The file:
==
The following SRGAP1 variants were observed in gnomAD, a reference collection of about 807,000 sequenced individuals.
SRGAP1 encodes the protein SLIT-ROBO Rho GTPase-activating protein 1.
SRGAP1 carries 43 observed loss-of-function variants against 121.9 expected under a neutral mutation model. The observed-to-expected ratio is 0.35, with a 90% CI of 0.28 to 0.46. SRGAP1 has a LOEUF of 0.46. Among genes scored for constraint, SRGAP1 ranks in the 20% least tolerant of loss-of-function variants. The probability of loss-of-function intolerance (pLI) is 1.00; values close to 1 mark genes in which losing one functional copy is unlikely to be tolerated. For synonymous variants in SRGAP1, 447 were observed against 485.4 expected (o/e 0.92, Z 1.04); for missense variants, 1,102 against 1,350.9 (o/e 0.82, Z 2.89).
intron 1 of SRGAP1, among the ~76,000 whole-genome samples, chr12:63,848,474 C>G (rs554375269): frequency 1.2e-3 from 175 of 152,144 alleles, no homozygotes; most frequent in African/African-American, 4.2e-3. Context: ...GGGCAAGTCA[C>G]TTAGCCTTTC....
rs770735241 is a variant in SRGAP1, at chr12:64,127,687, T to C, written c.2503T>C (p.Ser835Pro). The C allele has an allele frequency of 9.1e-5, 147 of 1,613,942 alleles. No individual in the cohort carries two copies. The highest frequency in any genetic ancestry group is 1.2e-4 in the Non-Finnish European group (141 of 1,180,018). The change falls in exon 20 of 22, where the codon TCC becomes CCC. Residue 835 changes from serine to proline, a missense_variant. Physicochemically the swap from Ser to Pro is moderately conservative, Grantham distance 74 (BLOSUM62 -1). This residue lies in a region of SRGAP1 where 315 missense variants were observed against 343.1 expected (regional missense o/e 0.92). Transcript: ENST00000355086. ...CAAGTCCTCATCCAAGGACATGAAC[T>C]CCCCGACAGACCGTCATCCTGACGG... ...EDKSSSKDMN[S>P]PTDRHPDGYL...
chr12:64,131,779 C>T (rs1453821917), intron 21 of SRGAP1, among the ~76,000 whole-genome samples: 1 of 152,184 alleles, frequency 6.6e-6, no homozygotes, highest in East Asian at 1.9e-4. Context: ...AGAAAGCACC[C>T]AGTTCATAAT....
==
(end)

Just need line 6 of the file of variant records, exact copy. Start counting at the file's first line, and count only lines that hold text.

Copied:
chr12:64,131,779 C>T (rs1453821917), intron 21 of SRGAP1, among the ~76,000 whole-genome samples: 1 of 152,184 alleles, frequency 6.6e-6, no homozygotes, highest in East Asian at 1.9e-4. Context: ...AGAAAGCACC[C>T]AGTTCATAAT....